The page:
With the perfect hourglass figure, backless dresses & silver tinted hair, jazz singer Joyce Bryant became known as "The Bronze Bombshell" AKA The Black Marilyn Monroe. She would become the first dark-skinned African-American woman celebrated by the mass media as a 'sex-symbol'. She made her way to the stage in 1940. It was there she gained national and international acclaim for her earthy, sultry tone and figure flattering costumes
Augusta Savage, born Augusta Christine Fells (February 29, 1892 – March 26, 1962) was an African-American sculptor associated with the Harlem Renaissance. She was also a teacher and her studio was important to the careers of a rising generation of artists who would become nationally known. She worked for equal rights for African Americans in the arts.
Horace Pippin was a self-taught African-American painter. The injustice of slavery and American segregation figure prominently in many of his works. Wikipedia Born: February 22, 1888, West Chester, PA Died: July 6, 1946, West Chester, PA Artwork: Domino Players, John Brown Going to his Hanging, More Periods: Naïve art, Social realism, Harlem Renaissance
Today as part of African American History Month we honor the pioneering and courageous spirit of Claudette Colvin. Nine months before Rosa Parks’ famous bus boycott, Colvin at 15 refused to give up her seat to a white passenger. She was inspired to stand up for her rights after learning about African American leaders in school. An outstanding teenager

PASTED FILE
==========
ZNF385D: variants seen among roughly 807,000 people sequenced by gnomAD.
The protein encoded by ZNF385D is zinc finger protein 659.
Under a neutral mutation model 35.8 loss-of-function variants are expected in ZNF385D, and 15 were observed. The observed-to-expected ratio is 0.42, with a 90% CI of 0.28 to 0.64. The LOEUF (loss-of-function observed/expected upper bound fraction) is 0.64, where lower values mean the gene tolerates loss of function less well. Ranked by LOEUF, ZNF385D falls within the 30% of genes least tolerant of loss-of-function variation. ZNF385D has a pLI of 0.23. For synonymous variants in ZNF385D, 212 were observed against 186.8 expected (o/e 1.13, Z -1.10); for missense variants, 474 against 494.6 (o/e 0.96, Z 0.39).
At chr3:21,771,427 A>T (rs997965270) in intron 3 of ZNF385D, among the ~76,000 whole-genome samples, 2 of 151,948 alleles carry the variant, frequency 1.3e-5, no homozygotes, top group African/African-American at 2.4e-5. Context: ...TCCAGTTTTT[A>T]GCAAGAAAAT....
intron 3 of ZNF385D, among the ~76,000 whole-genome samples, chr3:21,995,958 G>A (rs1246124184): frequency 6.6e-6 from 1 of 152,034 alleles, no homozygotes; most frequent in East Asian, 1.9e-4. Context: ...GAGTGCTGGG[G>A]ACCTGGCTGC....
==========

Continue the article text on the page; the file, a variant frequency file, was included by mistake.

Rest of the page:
Madame Walker: Born Sarah Breedlove on December 23,1867 on a LA plantation,a daughter of former slaves (who was orphaned at age seven and worked in the cotton fields as a child) transformed herself from farm laborer and laundress into one of he 20th century's most successful, self-made entrepreneurs.Walker made most of her fortune between 1911 and 1917 making Madam C.J. Walker the 1st Afri. Amer. woman to become a millionaire. She lived in a mansion near the Rockefellers. Biddy Craft
The Lynching of Jesse Washington - Jesse Washington, a teenage African-American farmhand, was lynched in Waco, Texas, on May 15, 1916, in what became a well-known example of racially motivated lynching. Washington was accused of raping and murdering the wife of his white employer in rural Robinson, Texas. There were no eyewitnesses to the crime, but during his interrogation by the McLennan County sheriff he signed a confession and described the location of the murder weapon
Lawrence Beitler (1885 - 1960) was a studio photographer who on August 7, 1930, took a photograph of the lynching of Thomas Shipp and Abram Smith. The photograph later sold thousands of copies and inspired the political poem "Strange Fruit" by the Jewish poet Abel Meeropol. The poem was later transformed into a song and was most famously performed by Billie Holiday.
"Rhineland Bastard" was a derogatory term used in Nazi Germany to describe Afro-German children of mixed German and African parentage, who were fathered by Africans serving as French colonial troops occupying the Rhineland after World War I. Under Nazism's racial theories, these children were considered inferior to "pure Aryans" and consigned to compulsory sterilization.
Kenneth & Mamie Clark were both psychologists who were well-known for their research with children, specifically with the doll experiment, where they would give a Black child the choice between a Black doll & a White doll & then ask them to pick the doll they thought was “pretty" or "nice", among other questions. They would later go on to use the research to testify in the courts for several school desegregation cases in the 1950s.